Stanley Kubrick: An Odyssey, Robert P Kolker and Nathan Abrams

The enigmatic and elusive filmmaker Stanley Kubrick has not been treated to a full-length biography in over twenty years. Stanley Kubrick: An Odyssey fills that gap. It is based on access to the latest research, especially into his archive at the University of the Arts, London, and other papers as well as new interviews with family members and those who worked with him. It offers comprehensive and in-depth coverage of Kubrick’s personal, private, public, and working life. The book discusses not only the making of his films, but also those he wanted but failed to make like Burning Secret, Napoleon, Aryan Papers, and AI. The biography will puncture a few myths about this allegedly reclusive filmmaker, who created some of the most important works of art of the 20th century.

The Hammer Power: Inequality, and the Struggle for the Soul of Labor, Hamilton Nolan

Nolan shows readers the actual places where labour and politics meld. He highlights how organised labour can and does wield power effectively: a union that dominates Las Vegas and is trying to scale nationally; a successful decades-long campaign to organise California's childcare workers; the human face of a surprising strike of factory workers trying to preserve their pathway to the middle class. Throughout, Nolan follows Sara Nelson, the fiery and charismatic head of the flight attendants’ union, as she struggles with how (and whether) to assert herself as a national leader, to try to fix what is broken. The Hammer draws the line from forgotten workplaces in rural West Virginia to Washington’s halls of power and shows how labour solidarity can utterly transform American politics – if it can first transform itself.

The Politics of Language, David Beaver and Jason Stanley

In The Politics of Language, David Beaver and Jason Stanley present a radical new approach to the theory of meaning, offering an account of communication in which political and social identity, affect, and shared practices play as important a role as information. This new view of language, they argue, has dramatic consequences for free speech, democracy, and a range of other areas in which speech plays a central role.

The book argues that the function of speech – whether in dialogue, larger group interactions, or mass communication – is to attune people to something, be it a shared reality, emotion, or identity. Reconceptualising the central ideas of pragmatics and semantics, Beaver and Stanley apply their account to a range of phenomena that defy standard frameworks in linguistics and philosophy of language―from dog whistles and covert persuasion to echo chambers and genocidal speech. The authors use their framework to show that speech is inevitably political because all communication is imbued with the resonances of particular ideologies and their normative perspectives on reality.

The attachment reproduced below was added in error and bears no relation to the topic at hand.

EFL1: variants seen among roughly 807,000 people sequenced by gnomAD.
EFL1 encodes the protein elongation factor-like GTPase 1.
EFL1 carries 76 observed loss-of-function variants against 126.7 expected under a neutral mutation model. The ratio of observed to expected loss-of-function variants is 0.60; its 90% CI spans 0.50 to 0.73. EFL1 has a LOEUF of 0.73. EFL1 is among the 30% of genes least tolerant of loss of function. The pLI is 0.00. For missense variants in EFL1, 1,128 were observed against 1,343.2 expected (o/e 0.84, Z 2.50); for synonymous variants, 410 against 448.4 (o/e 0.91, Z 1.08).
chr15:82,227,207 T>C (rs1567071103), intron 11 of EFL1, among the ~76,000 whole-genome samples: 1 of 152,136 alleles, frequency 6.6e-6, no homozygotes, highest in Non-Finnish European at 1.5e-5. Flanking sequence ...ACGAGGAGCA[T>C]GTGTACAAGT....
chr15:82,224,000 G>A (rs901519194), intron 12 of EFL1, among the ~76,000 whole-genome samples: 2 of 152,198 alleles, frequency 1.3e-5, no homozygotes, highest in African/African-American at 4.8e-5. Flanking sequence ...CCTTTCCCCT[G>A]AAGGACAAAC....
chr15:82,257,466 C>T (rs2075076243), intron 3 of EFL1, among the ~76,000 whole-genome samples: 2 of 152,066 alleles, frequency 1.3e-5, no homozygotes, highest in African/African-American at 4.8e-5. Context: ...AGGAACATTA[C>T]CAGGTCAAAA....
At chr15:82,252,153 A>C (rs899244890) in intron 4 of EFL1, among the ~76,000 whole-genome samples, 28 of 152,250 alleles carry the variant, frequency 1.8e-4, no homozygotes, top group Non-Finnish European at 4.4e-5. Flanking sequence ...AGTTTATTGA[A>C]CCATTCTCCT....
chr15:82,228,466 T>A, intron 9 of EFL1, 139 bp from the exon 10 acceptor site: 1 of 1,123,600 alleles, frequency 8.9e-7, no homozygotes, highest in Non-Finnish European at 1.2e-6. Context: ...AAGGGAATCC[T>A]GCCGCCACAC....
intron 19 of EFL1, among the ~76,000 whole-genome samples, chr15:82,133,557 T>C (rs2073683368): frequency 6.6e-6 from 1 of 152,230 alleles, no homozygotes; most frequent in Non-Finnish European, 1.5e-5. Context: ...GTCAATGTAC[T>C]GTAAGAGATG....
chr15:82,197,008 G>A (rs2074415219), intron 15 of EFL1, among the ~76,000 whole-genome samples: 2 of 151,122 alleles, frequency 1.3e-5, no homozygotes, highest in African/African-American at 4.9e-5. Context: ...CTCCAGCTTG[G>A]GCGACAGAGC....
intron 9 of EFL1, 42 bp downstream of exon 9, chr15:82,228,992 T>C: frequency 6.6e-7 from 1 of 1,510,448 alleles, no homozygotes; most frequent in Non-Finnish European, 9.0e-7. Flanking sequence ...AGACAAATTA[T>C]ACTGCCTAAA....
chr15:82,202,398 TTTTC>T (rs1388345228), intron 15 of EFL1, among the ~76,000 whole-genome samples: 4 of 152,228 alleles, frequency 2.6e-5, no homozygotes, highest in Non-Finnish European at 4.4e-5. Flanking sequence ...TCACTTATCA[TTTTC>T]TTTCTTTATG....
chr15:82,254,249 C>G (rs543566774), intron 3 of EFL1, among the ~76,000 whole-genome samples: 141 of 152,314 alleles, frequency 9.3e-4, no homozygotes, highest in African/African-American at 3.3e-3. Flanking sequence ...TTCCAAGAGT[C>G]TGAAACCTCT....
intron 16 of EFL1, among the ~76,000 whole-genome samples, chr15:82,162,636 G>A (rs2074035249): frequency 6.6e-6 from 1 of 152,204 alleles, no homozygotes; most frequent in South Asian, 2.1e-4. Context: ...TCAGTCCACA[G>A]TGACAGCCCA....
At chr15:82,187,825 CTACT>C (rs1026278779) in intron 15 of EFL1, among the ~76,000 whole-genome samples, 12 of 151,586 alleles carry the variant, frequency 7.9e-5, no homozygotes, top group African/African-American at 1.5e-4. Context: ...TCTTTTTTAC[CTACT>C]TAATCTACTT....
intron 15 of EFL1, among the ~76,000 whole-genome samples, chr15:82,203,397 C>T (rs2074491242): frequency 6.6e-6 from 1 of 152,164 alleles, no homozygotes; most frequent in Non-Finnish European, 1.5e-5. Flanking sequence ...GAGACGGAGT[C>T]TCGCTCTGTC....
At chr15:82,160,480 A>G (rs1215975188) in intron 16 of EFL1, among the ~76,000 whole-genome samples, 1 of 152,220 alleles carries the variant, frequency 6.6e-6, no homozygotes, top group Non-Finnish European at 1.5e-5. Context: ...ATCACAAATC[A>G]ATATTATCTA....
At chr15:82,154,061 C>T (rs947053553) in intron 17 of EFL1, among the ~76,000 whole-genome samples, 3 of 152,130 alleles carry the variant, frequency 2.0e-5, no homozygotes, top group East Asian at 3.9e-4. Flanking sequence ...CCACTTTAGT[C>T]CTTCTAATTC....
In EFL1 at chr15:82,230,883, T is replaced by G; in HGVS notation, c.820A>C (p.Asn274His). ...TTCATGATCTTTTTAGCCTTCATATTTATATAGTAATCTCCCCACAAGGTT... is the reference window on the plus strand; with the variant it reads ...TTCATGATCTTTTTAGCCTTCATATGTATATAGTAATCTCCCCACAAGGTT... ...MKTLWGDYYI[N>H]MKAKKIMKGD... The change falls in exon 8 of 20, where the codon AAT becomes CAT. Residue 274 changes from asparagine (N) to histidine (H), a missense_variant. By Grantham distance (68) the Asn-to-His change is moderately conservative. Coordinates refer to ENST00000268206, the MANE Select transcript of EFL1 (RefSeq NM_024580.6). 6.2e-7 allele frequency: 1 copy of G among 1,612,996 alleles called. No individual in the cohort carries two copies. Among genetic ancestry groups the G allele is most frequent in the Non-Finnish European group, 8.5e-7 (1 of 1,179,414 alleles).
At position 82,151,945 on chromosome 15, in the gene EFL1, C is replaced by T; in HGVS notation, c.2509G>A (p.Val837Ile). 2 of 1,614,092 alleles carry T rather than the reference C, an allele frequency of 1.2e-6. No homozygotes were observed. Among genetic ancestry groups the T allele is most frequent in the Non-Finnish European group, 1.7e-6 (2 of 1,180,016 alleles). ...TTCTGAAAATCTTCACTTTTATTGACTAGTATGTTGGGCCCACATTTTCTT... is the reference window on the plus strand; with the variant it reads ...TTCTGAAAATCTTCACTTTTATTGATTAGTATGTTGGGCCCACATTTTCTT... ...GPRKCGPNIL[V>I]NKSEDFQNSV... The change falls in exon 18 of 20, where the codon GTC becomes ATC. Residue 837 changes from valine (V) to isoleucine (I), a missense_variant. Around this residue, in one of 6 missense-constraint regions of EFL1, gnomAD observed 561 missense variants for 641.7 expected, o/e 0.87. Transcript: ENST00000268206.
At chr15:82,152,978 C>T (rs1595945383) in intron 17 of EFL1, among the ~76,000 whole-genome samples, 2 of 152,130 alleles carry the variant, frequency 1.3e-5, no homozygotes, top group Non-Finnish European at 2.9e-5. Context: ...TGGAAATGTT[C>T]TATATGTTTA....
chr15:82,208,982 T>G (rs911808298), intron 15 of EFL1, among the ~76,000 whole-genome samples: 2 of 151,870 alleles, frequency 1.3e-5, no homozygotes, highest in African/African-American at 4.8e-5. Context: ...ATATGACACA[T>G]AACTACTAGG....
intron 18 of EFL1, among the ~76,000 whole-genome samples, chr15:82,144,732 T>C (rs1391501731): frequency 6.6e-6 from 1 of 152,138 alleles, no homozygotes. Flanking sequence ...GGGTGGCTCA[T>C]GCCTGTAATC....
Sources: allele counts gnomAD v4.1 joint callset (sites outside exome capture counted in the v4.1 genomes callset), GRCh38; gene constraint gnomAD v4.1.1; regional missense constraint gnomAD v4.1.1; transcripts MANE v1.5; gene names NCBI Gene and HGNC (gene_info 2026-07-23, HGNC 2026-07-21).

Pegasus: The Secret Technology that Threatens the End of Privacy and Democracy, Laurent Richard and Sandrine Rigaud

Pegasus is widely regarded as the most powerful cyber-surveillance system on the market – available to any government that can afford its multimillion-dollar price tag. The system’s creator, the NSO Group, a private corporation headquartered in Israel, boasts about its ability to thwart terrorists and criminals: ‘Thousands of people in Europe owe their lives to hundreds of our company employees’, they declared in 2019. That may be true – but the Pegasus system doesn’t just catch bad guys.

This is the gripping story of how Pegasus was uncovered by two intrepid reporters who revealed the scandal in collaboration with an international consortium of journalists. They received a leaked list of 50,000 mobile phone numbers, but they needed to prove NSO’s involvement. After a dangerous and secretive investigation spanning the globe, their findings shook the world. Tense and compelling, Pegasus reveals how thousands of lives have been turned upside down by this unprecedented threat, and exposes the chilling new ways governments and corporations are laying waste to human rights – and silencing innocent citizens.

Hits, Flops, and Other Illusions: My Fortysomething Years in Hollywood, Ed Zwick

Ed Zwick has encountered all kinds of Hollywood celebrities during four decades of directing, producing, and writing projects that have collectively received 18 Academy Award nominations (seven wins) and 67 Emmy nominations (22 wins). Though there are many factors behind such success, including luck and the contributions of his creative partner Marshall Herskovitz, he’s known to have a special talent for bringing out the best in the people he’s worked with, especially the actors.

Written mostly with love, sometimes with rue, this memoir is also a meditation on working, sprinkled throughout with tips for anyone who has ever imagined writing, directing, or producing for the screen.

Normal Women: Nine Hundred Years of Making History, Philippa Gregory

Did you know that there are more penises than women in the Bayeux Tapestry? That the Peasants’ Revolt of 1381 was started and propelled by women who were protesting a tax on women? Or that celebrated naturalist Charles Darwin believed not just that women were naturally inferior to men, but that they’d evolve to become ever more inferior?

These are just a few of the startling findings you will learn from reading Philippa Gregory’s Normal Women. In this ambitious and groundbreaking book, she tells the story of England over 900 years, for the very first time placing women some fifty per cent of the population centre stage. Normal Women chronicles centuries of social and cultural change from 1066 to modern times powered by the determination, persistence, and effectiveness of women.